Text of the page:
All the stories are good, but two stood out for me. "Cosmic Kill" (AMAZING STORIES, April and May 1957) is a 20,000 word novella Silverberg wrote in two days to order for the editor of AMAZING, Paul Fairman. It's a sequel to a novella written by Fairman that appeared in the magazine several years earlier. (Both stories appeared under the pseudonym Robert Arnette, the only time Silverberg used that name.) It's as full of breathless action as you'd expect from a story written like that, but it's also very interesting in that events in the story, which concerns efforts to bring an interplanetary terrorist to justice, seem very similar to things that have gone on in reality during the past ten years, and I'm speaking, of course, of the hunt for Osama bin Laden. Mostly, though, "Cosmic Kill" is an extremely entertaining action yarn. Another favorite is "The Hunters of Cutwold" (SUPER-SCIENCE FICTION, December 1957, under the pseudonym Calvin M. Knox), which takes a pulp adventure plot of the sort that would have appeared in JUNGLE STORIES ten years earlier and transplants it to a science fictional setting. In fact, Silverberg's original title for the story was "Five Against the Jungle", a very pulpish title. Silverberg was a master at this sort of thing (a lot of his early SF strikes me as being transplanted crime stories), but "The Hunters of Cutwold" has a very effective sting in its tail making it a story that could only work as science fiction, and pretty thoughtful SF, at that.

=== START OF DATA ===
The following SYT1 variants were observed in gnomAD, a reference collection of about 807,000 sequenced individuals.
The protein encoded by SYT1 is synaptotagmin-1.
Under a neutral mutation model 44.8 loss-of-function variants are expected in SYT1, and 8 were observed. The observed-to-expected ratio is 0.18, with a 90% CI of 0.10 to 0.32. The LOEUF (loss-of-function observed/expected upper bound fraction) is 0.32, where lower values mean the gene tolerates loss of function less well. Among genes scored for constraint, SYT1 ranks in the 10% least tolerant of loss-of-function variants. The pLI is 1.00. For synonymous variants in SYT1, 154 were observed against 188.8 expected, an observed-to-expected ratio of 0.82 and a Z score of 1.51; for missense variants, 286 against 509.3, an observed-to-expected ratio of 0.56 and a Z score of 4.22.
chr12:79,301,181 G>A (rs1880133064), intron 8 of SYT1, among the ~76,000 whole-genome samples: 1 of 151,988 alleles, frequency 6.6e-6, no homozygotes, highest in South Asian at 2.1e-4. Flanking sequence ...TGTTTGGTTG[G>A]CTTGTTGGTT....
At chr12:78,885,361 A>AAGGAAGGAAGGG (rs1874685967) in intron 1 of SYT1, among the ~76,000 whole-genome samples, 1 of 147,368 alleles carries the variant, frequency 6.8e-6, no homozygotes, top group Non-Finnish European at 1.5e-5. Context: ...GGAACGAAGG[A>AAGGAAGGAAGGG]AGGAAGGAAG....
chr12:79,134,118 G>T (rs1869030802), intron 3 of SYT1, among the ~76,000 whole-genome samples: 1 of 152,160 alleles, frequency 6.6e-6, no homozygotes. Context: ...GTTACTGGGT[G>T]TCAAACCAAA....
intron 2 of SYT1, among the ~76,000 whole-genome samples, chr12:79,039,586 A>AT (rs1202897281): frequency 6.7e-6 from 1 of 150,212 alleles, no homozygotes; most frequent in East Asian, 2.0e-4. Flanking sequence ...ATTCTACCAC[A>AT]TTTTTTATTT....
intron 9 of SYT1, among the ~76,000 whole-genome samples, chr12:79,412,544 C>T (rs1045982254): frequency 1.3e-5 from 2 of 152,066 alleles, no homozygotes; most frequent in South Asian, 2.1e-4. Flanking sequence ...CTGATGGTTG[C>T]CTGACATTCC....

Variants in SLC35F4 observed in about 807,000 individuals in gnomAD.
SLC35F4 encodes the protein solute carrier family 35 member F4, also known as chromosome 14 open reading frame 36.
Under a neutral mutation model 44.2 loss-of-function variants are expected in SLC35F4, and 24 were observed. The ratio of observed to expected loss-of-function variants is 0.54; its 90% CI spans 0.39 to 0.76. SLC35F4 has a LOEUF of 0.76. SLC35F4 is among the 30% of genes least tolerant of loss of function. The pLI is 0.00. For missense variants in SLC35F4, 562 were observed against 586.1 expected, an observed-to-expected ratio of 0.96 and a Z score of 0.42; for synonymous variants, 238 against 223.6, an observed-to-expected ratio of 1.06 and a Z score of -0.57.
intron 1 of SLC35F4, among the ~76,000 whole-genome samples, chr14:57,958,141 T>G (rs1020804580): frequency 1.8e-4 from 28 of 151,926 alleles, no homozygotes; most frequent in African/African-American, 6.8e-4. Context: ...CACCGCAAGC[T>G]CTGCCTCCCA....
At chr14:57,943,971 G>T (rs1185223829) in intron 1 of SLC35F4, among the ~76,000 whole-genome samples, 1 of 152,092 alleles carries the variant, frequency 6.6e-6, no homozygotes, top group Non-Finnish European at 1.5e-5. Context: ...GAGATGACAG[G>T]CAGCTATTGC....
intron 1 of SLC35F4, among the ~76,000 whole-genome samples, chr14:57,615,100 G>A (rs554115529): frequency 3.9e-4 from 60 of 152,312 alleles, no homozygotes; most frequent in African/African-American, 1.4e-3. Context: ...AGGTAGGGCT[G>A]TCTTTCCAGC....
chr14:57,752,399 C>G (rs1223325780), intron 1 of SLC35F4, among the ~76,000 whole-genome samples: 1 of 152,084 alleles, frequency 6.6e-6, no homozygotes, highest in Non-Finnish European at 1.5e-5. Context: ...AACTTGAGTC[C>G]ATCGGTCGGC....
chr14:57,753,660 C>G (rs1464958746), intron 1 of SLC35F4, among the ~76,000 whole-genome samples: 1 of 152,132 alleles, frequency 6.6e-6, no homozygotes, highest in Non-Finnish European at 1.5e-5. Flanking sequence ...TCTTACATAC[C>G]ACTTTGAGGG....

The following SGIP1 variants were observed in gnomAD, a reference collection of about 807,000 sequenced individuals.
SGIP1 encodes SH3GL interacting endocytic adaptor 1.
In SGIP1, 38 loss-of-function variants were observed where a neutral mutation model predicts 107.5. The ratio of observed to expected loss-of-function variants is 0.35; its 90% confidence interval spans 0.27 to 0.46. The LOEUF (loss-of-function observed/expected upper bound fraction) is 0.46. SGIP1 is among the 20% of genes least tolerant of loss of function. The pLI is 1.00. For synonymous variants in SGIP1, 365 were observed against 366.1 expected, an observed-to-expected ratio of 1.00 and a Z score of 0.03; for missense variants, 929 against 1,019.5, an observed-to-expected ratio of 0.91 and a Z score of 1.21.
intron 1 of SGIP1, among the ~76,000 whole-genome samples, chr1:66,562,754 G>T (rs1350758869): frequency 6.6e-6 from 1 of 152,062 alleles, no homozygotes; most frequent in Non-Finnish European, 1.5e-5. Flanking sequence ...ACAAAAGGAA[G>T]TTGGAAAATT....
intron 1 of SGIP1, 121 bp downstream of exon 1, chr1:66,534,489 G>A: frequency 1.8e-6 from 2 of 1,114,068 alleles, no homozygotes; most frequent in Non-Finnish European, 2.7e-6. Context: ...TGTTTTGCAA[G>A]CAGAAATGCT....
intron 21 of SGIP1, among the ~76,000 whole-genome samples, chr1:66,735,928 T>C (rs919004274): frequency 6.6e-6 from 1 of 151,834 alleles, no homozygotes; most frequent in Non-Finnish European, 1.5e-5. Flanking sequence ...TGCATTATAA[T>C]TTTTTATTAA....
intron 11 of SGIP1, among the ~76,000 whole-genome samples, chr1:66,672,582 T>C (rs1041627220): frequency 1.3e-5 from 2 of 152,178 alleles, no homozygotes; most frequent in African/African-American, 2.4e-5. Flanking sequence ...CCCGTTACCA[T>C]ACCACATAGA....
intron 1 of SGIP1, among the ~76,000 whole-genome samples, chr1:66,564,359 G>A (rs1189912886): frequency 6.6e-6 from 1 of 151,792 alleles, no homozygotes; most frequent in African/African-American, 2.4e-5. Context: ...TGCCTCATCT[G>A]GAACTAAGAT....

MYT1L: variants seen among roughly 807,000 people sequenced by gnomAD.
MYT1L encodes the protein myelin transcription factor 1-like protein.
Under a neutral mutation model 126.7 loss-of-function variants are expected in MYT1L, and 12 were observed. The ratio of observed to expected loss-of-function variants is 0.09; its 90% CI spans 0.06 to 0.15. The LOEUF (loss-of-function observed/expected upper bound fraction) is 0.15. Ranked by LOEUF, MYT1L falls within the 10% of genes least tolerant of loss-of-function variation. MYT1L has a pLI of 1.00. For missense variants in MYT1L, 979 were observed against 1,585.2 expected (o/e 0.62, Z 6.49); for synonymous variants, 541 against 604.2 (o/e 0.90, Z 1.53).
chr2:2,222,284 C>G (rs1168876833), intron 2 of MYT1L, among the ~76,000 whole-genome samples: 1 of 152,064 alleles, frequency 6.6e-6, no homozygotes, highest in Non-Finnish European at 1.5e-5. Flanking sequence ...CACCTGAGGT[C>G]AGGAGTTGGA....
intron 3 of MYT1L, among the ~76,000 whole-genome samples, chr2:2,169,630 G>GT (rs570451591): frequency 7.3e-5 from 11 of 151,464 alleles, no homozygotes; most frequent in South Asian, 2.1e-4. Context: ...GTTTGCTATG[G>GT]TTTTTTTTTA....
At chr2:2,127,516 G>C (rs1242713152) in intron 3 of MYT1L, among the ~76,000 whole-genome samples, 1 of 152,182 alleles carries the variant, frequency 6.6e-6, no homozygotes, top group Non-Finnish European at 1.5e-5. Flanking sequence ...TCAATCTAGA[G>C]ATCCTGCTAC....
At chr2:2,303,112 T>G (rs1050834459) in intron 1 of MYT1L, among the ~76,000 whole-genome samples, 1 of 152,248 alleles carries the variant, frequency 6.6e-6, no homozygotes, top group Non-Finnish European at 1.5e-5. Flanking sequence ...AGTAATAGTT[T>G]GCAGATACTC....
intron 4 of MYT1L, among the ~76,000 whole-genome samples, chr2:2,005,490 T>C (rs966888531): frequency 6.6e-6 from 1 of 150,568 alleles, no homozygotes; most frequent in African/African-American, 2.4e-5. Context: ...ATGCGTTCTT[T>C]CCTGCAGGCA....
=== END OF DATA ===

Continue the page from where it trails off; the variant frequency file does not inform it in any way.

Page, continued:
As always, Silverberg's introduction and story notes make for fascinating reading, and overall, IN THE BEGINNING is one of the best books I've read this year. Originally published several years ago as a limited edition hardcover, it's now available as a very affordable e-book, which is how I read it. I picked up several other Silverberg collections at the same time and will be getting to them soon, I hope. If you want to sample some of the best adventure SF that the Fifties digests had to offer, I highly recommend this one.